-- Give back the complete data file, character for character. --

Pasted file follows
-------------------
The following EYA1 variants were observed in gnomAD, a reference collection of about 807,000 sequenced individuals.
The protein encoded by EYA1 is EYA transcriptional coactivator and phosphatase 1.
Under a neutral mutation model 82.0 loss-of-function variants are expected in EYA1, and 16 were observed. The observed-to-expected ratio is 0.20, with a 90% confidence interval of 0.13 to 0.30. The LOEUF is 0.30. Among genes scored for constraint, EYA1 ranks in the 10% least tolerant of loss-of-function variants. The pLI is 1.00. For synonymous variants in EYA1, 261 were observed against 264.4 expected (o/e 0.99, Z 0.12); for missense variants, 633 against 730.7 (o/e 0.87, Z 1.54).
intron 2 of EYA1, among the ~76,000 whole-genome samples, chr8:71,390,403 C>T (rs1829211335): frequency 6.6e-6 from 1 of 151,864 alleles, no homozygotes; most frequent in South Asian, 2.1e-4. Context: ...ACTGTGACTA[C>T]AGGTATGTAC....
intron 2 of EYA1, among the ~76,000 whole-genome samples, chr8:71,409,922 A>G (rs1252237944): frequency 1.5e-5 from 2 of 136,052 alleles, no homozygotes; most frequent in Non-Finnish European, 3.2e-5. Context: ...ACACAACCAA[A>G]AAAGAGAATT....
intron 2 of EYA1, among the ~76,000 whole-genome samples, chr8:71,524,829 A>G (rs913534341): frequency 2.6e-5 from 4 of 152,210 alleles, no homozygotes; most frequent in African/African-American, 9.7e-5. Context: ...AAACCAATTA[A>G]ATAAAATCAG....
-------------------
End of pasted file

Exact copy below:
The following EYA1 variants were observed in gnomAD, a reference collection of about 807,000 sequenced individuals.
The protein encoded by EYA1 is EYA transcriptional coactivator and phosphatase 1.
Under a neutral mutation model 82.0 loss-of-function variants are expected in EYA1, and 16 were observed. The observed-to-expected ratio is 0.20, with a 90% confidence interval of 0.13 to 0.30. The LOEUF is 0.30. Among genes scored for constraint, EYA1 ranks in the 10% least tolerant of loss-of-function variants. The pLI is 1.00. For synonymous variants in EYA1, 261 were observed against 264.4 expected (o/e 0.99, Z 0.12); for missense variants, 633 against 730.7 (o/e 0.87, Z 1.54).
intron 2 of EYA1, among the ~76,000 whole-genome samples, chr8:71,390,403 C>T (rs1829211335): frequency 6.6e-6 from 1 of 151,864 alleles, no homozygotes; most frequent in South Asian, 2.1e-4. Context: ...ACTGTGACTA[C>T]AGGTATGTAC....
intron 2 of EYA1, among the ~76,000 whole-genome samples, chr8:71,409,922 A>G (rs1252237944): frequency 1.5e-5 from 2 of 136,052 alleles, no homozygotes; most frequent in Non-Finnish European, 3.2e-5. Context: ...ACACAACCAA[A>G]AAAGAGAATT....
intron 2 of EYA1, among the ~76,000 whole-genome samples, chr8:71,524,829 A>G (rs913534341): frequency 2.6e-5 from 4 of 152,210 alleles, no homozygotes; most frequent in African/African-American, 9.7e-5. Context: ...AAACCAATTA[A>G]ATAAAATCAG....